Another type of treatment may be tried in these cases. Very rarely, treatment may include gentian violet. This should be used for only a limited time and under a doctor's close supervision. It is very messy and may cause side-effects.
Diaper rashes, as every mother knows, are common and most will respond to zinc cream in a few days. However, diaper rash caused by Candida will not go away when treated with regular creams. This type of rash is usually at its worst around the anus and deep in skin folds. It takes the form of irregular-shaped, red patches. Around the red areas, scattered on the healthy skin, are red spots and small patches called satellite lesions. Babies with this infection are treated with an antifungal and air is allowed to circulate to the area.
Several creams are available through your doctor to treat these irritating rashes. Rarely, a baby may react to one product or not respond to treatment. A change to a different cream and a check on the diagnosis is in order.
Breast-feeding should be an enjoyable experience for a mother. She should not have any nipple pain. A little tenderness during feeding may be normal in the first few days while mother and baby are learning correct position and latching on, but this should soon be resolved.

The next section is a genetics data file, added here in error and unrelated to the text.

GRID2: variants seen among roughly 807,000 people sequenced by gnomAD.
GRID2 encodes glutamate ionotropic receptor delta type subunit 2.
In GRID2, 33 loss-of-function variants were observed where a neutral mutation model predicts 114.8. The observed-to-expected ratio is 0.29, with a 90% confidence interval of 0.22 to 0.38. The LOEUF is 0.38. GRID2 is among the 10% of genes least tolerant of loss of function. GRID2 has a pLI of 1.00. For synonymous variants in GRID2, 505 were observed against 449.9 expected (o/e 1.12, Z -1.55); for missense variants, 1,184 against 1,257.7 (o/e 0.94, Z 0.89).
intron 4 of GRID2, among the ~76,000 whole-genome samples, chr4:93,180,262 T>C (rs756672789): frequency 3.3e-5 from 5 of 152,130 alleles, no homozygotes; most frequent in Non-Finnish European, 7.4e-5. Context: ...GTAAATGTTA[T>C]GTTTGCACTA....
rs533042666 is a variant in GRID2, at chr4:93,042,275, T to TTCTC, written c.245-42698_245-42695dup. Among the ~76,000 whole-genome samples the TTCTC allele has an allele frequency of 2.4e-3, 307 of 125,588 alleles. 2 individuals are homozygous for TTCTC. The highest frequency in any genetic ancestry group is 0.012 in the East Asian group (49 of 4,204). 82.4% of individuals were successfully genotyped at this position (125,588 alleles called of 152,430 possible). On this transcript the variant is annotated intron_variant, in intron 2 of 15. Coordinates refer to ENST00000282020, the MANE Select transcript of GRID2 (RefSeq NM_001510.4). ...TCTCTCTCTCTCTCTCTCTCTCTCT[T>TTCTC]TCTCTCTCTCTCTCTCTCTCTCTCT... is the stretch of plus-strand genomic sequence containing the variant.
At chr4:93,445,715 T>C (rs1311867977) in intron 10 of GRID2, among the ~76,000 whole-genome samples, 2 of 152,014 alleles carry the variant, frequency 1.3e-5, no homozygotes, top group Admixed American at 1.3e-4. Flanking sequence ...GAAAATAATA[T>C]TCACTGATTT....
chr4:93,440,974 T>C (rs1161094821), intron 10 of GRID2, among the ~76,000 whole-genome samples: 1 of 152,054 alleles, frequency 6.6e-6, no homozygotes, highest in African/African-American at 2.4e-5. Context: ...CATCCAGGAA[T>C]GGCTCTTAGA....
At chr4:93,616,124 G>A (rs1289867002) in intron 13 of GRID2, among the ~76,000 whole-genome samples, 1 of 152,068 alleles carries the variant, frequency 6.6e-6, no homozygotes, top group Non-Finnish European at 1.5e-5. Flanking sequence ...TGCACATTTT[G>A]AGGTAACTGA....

If pain persists and cracks appear, the mother may want to contact her family doctor or a health professional with special training in helping mothers breastfeed (this person is called a lactation consultant). These experts will check the baby’s latch. A baby who latches correctly won't cause damaged nipples.
Pain is always a sign something is wrong. One condition that causes pain for the breast-feeding mother is nipple yeast. This problem produces pain very different from that caused by an incorrect latch. There is a burning feeling, along with shooting pain deep into the breast in all directions. The pain is worst after feedings and may last from 15 to 60 minutes. The nipples may look red, with fine deep cracks like paper cuts around the nipple. The nipples and areolae may be slightly swollen and shiny, or they may look quite normal. Diagnosis is based on these symptoms.